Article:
For many small businesses, hiring an independent contractor can often be far more cost effective than a regular full-time employee. These types of employment agreements give companies the flexibility of working with experts without having to worry about managing tax or health insurance obligations. Consultants like content writers, graphic designers, and other workers whose services you may only require from time to time are generally best hired as independent contractors. It may also make sense to hire independent contractors for tasks that your employees are unable to complete or may not have the required skill set to execute successfully.
While hiring an independent contractor is certainly a reasonable solution for your business, it’s also important to consider how you can protect your company’s trade secrets from coming to light out of this far more flexible relationship. Independent contractors are broadly considered their own business, for all intents and purposes for how they interact with your firm. As such, they need to be treated as vendors or suppliers, and should be prepared to protect your confidentiality in a manner that is implicit in a full-time employment contract. Hiring a professional with experience drafting non-disclosure agreements is one way you can protect your company’s most valuable trade secrets over the long-term.
Protecting Your Trade Secrets Through Confidentiality Agreements
Depending on the type of work they will be conducting on your behalf, an independent contractor may have access to your company’s trade secrets. Trade secrets are a type of intellectual property that comprise formulas, practices, processes, designs, instruments, patterns, or compilations of information that have inherent economic value because they are not generally known or readily ascertainable by others, and which the owner takes reasonable measures to keep secret. In order to protect your trade secrets, you should consider having a non-disclosure agreement as part of your company’s documentation arsenal.
A non-disclosure agreement protects your company in a number of ways. First, it lets the independent contractor know that they may be exposed to highly sensitive information throughout the duration of your agreement, and that maintaining this information confidential is of the utmost importance. At the same time, requiring the contractor to sign the agreement creates an opportunity for reflection on the gravity of the circumstances should the non-disclosure agreement be violated. Usually, a non-disclosure agreement will state explicit consequences for violating its terms. Lastly, the NDA clarifies that independent contractors are bound by the agreement for an extended period of time - in most cases, extending beyond the length of the agreement and requiring confidentiality in perpetuity.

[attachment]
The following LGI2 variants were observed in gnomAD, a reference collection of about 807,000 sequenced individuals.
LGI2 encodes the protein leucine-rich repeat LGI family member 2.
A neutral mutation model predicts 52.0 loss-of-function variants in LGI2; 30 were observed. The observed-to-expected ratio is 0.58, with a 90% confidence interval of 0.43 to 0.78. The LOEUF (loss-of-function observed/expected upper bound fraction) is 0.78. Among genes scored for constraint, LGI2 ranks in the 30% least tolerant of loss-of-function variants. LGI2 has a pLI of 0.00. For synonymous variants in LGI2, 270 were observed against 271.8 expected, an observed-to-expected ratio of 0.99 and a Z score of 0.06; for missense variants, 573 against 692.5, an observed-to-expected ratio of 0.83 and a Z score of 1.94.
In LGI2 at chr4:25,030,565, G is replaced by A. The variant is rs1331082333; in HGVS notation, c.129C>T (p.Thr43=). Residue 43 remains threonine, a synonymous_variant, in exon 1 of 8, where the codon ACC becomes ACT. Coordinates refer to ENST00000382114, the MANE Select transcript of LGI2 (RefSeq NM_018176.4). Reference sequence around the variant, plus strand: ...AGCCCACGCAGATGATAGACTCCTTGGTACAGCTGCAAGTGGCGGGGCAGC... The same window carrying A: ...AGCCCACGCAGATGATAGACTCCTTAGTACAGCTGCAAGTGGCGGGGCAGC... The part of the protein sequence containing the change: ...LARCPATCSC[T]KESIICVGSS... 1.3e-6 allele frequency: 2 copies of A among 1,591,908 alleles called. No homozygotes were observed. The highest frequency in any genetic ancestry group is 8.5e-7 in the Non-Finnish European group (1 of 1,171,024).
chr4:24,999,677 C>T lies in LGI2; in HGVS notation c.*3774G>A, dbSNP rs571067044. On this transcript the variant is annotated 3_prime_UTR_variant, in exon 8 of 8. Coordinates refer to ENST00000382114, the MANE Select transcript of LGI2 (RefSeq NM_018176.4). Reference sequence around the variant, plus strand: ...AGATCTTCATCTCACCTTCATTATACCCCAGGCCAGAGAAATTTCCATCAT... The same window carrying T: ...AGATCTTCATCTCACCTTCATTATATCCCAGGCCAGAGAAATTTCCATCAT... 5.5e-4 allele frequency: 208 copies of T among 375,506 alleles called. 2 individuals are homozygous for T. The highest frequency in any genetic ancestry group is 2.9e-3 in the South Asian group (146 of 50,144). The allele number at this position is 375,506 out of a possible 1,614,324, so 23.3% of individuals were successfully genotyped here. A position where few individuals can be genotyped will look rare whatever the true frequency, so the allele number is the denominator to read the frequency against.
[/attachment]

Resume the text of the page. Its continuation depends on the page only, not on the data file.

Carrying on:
Selecting the Right Kind of NDA
There are generally two kinds of non-disclosure agreements: Mutual NDAs, used when both parties to a contract are being exposed to one another’s trade secrets; and unilateral NDAs, executed when just one party will have access to the others’ trade secrets. Usually, independent contractor agreements will be unilateral NDAs, since the client is sharing the majority of the confidential information. When drafting this agreement, you should explicitly state:
The information to be kept confidential
Their duty to keep these things private
Any exceptions to the rule
Whether you’re a young company or a seasoned firm, don’t make the mistake of skipping this important step for your company’s protection.